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UW Bahá'i Association garners support against Iranian actions

Thursday, January 7, 1999

Bahá'is endure civil rights violations, supporters say
Bethany Hull
The Daily

    Recent civil rights violations against people of the Bahá'i faith in Iran have prompted UW Bahá'is to take action. Members of the UW Bahá'i Association are engaged in a campaign to gather signatures and letters protesting actions of the Iranian government against Bahá'is in Iran.

    Amelia Waite, junior women studies major, is part of the effort to protest the happenings in Iran. "We're trying to get people to write letters to UNESCO (United Nations Education, Scientific and Cultural Organization) and the Iranian government expressing disapproval," Waite said.
"Obedience to government is important to the Bahá'is; they are not trying to overtake the Iranian government."

Larry Gallagher
graduate student, genetics


    The White House has officially condemned the actions of the Iranian government toward Bahá'is. Waite said there has been a national effort in the United States to write letters and gather signatures.

    The official religion in Iran is Muslim, but 300,000 Iranians are Bahá'i. Beginning in 1980, Bahá'is were systematically excluded from University admissions and subsequently began their own open University where Bahá'i students could receive an education.

    On Sep. 29, 1998, the open University of Iran was shut down, effectively denying Bahá'is the right to education, violating their civil rights as stipulated by the United Nations' Universal Declaration of Human Rights and the International Covenant on Economic, Social and Cultural Rights.

    Because the teachings of the Bahá'i faith postdates that of Islam, Bahá'is do not have constitutional rights under Iranian law. In addition to the closure of Bahá'i schools, Bahá'i people have been executed for violations such as converting people from Muslim. Bahá'i marriage is not legally recognized in Iran, homes of Bahá'i people have been vandalized and pensions and property have been confiscated.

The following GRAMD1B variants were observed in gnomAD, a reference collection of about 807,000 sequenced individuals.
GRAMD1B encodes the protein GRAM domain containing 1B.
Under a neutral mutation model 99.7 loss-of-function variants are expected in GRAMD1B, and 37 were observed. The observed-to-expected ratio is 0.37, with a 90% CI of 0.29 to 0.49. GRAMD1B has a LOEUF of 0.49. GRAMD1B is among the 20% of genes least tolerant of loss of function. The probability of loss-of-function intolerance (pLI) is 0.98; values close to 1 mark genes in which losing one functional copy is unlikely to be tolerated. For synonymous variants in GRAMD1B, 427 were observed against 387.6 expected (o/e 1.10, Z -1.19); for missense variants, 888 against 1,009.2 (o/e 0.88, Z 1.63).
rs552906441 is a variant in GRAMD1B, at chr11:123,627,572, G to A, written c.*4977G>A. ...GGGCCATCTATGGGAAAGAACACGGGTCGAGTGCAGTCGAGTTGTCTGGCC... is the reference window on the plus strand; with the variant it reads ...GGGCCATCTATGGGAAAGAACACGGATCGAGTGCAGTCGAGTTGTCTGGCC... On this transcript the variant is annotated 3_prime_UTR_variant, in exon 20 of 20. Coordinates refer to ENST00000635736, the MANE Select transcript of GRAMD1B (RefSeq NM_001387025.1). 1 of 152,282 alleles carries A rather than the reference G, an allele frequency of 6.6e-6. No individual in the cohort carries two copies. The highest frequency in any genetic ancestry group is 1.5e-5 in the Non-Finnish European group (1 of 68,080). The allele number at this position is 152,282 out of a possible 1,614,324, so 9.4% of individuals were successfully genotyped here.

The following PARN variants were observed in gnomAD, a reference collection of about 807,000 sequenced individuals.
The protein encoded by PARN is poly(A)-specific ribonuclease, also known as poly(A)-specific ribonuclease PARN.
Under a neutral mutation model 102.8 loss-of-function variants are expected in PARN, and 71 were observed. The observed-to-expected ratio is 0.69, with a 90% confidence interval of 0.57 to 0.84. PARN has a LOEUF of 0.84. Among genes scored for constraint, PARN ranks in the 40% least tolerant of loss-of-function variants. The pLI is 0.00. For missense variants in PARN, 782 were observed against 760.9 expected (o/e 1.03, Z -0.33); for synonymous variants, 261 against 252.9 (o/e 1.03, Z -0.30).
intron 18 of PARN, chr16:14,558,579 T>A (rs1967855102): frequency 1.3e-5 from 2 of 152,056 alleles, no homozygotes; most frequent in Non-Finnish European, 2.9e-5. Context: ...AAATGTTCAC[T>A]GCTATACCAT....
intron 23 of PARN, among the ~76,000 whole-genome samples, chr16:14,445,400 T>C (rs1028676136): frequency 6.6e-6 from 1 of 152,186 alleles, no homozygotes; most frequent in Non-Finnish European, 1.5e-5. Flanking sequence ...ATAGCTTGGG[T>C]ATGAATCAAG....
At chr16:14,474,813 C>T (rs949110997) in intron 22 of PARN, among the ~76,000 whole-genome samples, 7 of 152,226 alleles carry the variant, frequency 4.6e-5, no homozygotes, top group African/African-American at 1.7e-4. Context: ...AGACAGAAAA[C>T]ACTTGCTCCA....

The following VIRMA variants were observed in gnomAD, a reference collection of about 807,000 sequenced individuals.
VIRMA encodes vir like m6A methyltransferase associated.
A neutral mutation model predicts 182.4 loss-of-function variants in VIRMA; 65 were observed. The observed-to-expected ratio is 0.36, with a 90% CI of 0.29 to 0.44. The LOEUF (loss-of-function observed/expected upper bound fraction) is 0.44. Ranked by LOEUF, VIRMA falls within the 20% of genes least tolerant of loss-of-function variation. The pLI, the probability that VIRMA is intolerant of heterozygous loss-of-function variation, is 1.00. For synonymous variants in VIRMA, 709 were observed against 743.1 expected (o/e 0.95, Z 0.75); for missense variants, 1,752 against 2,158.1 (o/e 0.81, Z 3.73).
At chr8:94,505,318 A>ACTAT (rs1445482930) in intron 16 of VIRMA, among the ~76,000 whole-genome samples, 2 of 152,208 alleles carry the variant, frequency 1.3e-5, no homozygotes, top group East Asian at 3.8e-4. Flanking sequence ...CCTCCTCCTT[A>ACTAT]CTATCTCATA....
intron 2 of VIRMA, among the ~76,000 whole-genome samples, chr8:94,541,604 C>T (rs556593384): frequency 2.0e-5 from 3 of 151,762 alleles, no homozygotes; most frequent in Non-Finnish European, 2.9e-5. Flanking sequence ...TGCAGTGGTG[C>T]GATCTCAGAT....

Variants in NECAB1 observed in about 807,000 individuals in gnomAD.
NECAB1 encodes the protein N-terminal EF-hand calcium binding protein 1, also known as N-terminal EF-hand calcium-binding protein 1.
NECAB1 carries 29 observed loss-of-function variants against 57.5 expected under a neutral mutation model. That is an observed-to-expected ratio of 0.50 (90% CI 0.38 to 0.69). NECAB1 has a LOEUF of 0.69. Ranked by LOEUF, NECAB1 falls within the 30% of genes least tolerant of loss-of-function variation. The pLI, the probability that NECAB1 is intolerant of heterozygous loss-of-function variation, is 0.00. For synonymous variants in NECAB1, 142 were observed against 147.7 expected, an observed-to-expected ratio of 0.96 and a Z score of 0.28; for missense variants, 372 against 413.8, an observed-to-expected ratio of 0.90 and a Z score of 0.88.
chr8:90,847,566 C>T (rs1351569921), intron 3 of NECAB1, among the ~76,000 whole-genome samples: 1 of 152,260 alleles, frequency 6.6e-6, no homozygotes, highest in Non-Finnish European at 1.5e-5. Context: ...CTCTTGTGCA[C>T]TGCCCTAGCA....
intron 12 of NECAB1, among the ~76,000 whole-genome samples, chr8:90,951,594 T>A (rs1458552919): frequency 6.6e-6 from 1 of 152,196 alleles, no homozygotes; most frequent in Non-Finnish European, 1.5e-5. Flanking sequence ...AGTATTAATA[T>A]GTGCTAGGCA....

UW Senior and International Studies major Neda Fazilat has first-hand experience with the persecution in Iran.

    "My family fled Iran. One evening my father got a phone call from a Muslim co-worker who warned him that his life would be threatened because he was Bahá'i; we packed up and left that night," Fazilat said.

    Larry Gallagher, graduate student in genetics, said one reason Bahá'is from other countries are involved in expressing disapproval to the Iranian government is the adherence to one of the principles of the Bahá'i faith - to follow the laws of one's own government, even if they are unjust.

    "Obedience to government is important to the Bahá'is, they are not trying to overtake the Iranian government," Gallagher said.

    With approximately six million members inhabiting 205 countries, the Bahá'i faith is the second most widespread religion in the world, falling only behind Christianity. The Bahá'i faith adheres to the teachings of Bahá'u'lláh, who, according to Bahá'is, was the most recent messenger from God.

    The Bahá'i faith's central principle is unity, Gallagher said. "The Bahá'i faith is the most recent of the independent world religions with the most recent of God's messengers sent to help humankind attain it's maturity. Central to the faith is unity and the oneness of human kind ... the main thing about the Bahá'i faith is to promote unity," Gallagher said.

    Bahá'is believe in the oneness of all religions and the equality of the genders and all ethnicities.

    The UW Bahá'i Association will be gathering protest signatures and distributing information about their faith upstairs in the HUB today.

Original Story

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